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Williams v. Fletcher

United States District Court, E.D. Kentucky, Northern Division, Covington

July 19, 2018

RODGER WILLIAMS PLAINTIFF
v.
LIEUTENANT FLETCHER, et al., DEFENDANTS

          MEMORANDUM OPINION & ORDER

          DAVID L. BUNNING UNITED STATES DISTRICT JUDGE

         Rodger Williams, a/k/a Willow Williams, [1] has filed a pro se civil rights complaint pursuant to 42 U.S.C. § 1983 (Doc. # 3). The Court has granted her motion to proceed in forma pauperis by separate Order.

         This matter is before the Court to conduct the initial screening required by 28 U.S.C. §§ 1915(e)(2), 1915A. Hill v. Lappin, 630 F.3d 468, 470-71 (6th Cir. 2010). When testing the sufficiency of the plaintiff's complaint, the Court affords it a forgiving construction, accepting as true all non-conclusory factual allegations and liberally construing its legal claims in the plaintiff's favor. Davis v. Prison Health Servs., 679 F.3d 433, 437-38 (6th Cir. 2012). A district court must dismiss any claim that is frivolous or malicious, fails to state a claim upon which relief may be granted, or seeks monetary relief from a defendant who is immune from such relief. Hill v. Lappin, 630 F.3d 468, 470-71 (6th Cir. 2010).

         Williams is a pretrial detainee confined at the Campbell County Detention Center (“CCDC”) in Newport, Kentucky. In her complaint, [2] Williams alleges that in late June 2018, on several occasions Lieutenant Fletcher and Sergeant Stokes allowed male officers and trainees to conduct a pat-down search of her person. Williams asserts that CCDC Jailer James Daley[3] is responsible for the actions of his subordinates in his employ. Williams contends that as a transgender person who identifies as female, the Prison Rape Elimination Act, 42 U.S.C. § 15601 et seq. (“PREA”) and the Equal Protection Clause of the Fourteenth Amendment guaranty her the right to be physically searched only by female officers. Williams asserts that PREA violations are deemed “automatically grieved and remedies exhausted” the moment the inmate complains. She seeks damages for herself and compulsory training for the officers involved. (Doc. # 3 at 5, 7, 9, 11, 13, 15, 17, 23). Williams has filed a separate motion seeking a temporary restraining order requiring that she be searched only by female officers. (Doc. # 5).

         The allegations in the present action are very similar to those Williams asserted in a complaint she filed two months ago. Williams v. Daley, No. 2:18-cv-55-DLB (E.D. Ky. 2018). In that case, Williams complained that a male officer had conducted a pat down search of her person-conduct she asserted violated the PREA, the Equal Protection Clause, the Due Process Clause, and the Americans with Disabilities Act, 42 U.S.C. § 12101 et seq. As the Court explained in dismissing her complaint upon initial screening, PREA is primarily a funding statute: it does not create rights enforceable by a private party in a civil action. Montgomery v. Harper, No. 5:14-cv-P38-R, 2014 WL 4104163, at *2 (W.D. Ky. Aug. 19, 2014) (“the PREA does not create a private cause of action which can be brought by an individual plaintiff.”); Hodge v. Burkhart, No. 15-CV-105-GFVT, 2016 WL 2986262, at *5 (E.D. Ky. May 20, 2016).

         In addition, while inmates retain their constitutional rights while in prison, those rights are qualified and limited to account for the challenges faced by prison officials in maintaining order and security. Jordan v. Gardner, 986 F.3d 1521, 1524 (9th Cir. 1993) (en banc) (“... prisoners' legitimate expectations of bodily privacy from persons of the opposite sex are extremely limited.”). The Constitution thus does not categorically entitle an inmate of a particular sex to be pat-down searched solely by guards of the same sex or, in this case, gender identity. Brown v. Withrow, No. 92-1765, 1993 WL 15141, at *1 (6th Cir. Jan. 22, 1993) (“A pat-down search, which is by definition of short duration and minimal obtrusiveness, is not unconstitutional, even when performed by a female officer” upon a male inmate) (citing Timm v. Gunter, 917 F.2d 1093, 1100 (8th Cir. 1990), cert. denied, 111 S.Ct. 2807 (1991)); Roden v. Sowders, 84 Fed.Appx. 611 (2003) (holding that strip search of male inmate in presence of female officer does not offend the Constitution). See also Solomon v. Mich. Dep't of Corr., 478 Fed.Appx. 318, 320-21 (6th Cir. 2012); Kohn v. Ernst, No. 2:16-cv-115, 2016 WL 5349076, at *9 (W.D. Mich. Sept. 26, 2016). Williams's claim that the Constitution embodies a per se requirement that she is entitled to be pat-down searched solely by persons of the same sex or gender identity thus fails to state a claim upon which relief may be granted and must be dismissed.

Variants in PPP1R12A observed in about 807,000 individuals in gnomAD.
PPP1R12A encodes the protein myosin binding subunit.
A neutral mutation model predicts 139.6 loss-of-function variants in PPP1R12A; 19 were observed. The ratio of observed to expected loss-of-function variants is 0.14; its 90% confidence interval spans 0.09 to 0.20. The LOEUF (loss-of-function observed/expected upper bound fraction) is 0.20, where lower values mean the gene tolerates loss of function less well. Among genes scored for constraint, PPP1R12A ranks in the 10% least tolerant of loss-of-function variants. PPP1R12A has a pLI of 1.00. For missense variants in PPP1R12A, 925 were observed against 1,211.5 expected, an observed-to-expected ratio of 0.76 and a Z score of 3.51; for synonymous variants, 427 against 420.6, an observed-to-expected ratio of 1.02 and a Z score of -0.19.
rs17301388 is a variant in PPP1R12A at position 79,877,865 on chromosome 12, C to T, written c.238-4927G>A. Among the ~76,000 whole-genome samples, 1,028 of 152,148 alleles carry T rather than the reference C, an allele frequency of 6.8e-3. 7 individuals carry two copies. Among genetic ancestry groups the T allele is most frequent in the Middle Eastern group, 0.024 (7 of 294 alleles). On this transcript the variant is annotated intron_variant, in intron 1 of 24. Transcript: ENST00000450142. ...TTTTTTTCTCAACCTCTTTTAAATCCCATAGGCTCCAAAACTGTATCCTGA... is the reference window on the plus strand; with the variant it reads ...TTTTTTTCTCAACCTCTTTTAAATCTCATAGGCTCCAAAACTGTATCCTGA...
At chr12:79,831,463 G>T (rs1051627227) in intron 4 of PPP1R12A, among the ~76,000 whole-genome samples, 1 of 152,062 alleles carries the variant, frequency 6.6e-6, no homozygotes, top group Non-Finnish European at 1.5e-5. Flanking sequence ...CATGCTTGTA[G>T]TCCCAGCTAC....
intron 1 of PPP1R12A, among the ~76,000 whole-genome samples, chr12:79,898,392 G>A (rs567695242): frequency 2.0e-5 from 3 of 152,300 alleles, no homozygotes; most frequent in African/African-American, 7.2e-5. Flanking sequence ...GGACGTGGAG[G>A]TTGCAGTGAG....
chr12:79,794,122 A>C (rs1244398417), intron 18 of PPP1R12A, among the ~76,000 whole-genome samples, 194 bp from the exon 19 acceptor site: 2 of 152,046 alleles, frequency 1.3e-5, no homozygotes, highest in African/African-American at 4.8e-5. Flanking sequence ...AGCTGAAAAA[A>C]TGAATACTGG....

Finally, the Court has previously explained that CCDC Jailer Daley is not liable in his individual capacity for the acts of his officers merely because he employs them and acts in a supervisory role. Ashcroft v. Iqbal, 556 U.S. 662, 676 (2009). Nor is the official capacity claim against him viable where, as here, Williams makes no allegations that the officers acted pursuant to a formal policy or informal custom of Campbell County. Paige v. Coyner, 614 F.3d 273, 284 (6th Cir. 2010).

         Accordingly, IT IS ORDERED that:

         (1) The Clerk of the Court shall ADD James Daley, Jailer of the Campbell County Detention Center, as a defendant in this action, solely in his official capacity;

         (2) Williams's complaint (Doc. # 3) is DISMISSED WITH PREJUDICE;

         (3) Williams's motion for a temporary restraining order (Doc. # 5) is DENIED AS MOOT;

         (4) The Court will enter an appropriate JUDGMENT contemporaneously with this Order; and

         (5) This matter is STRICKEN from the active ...


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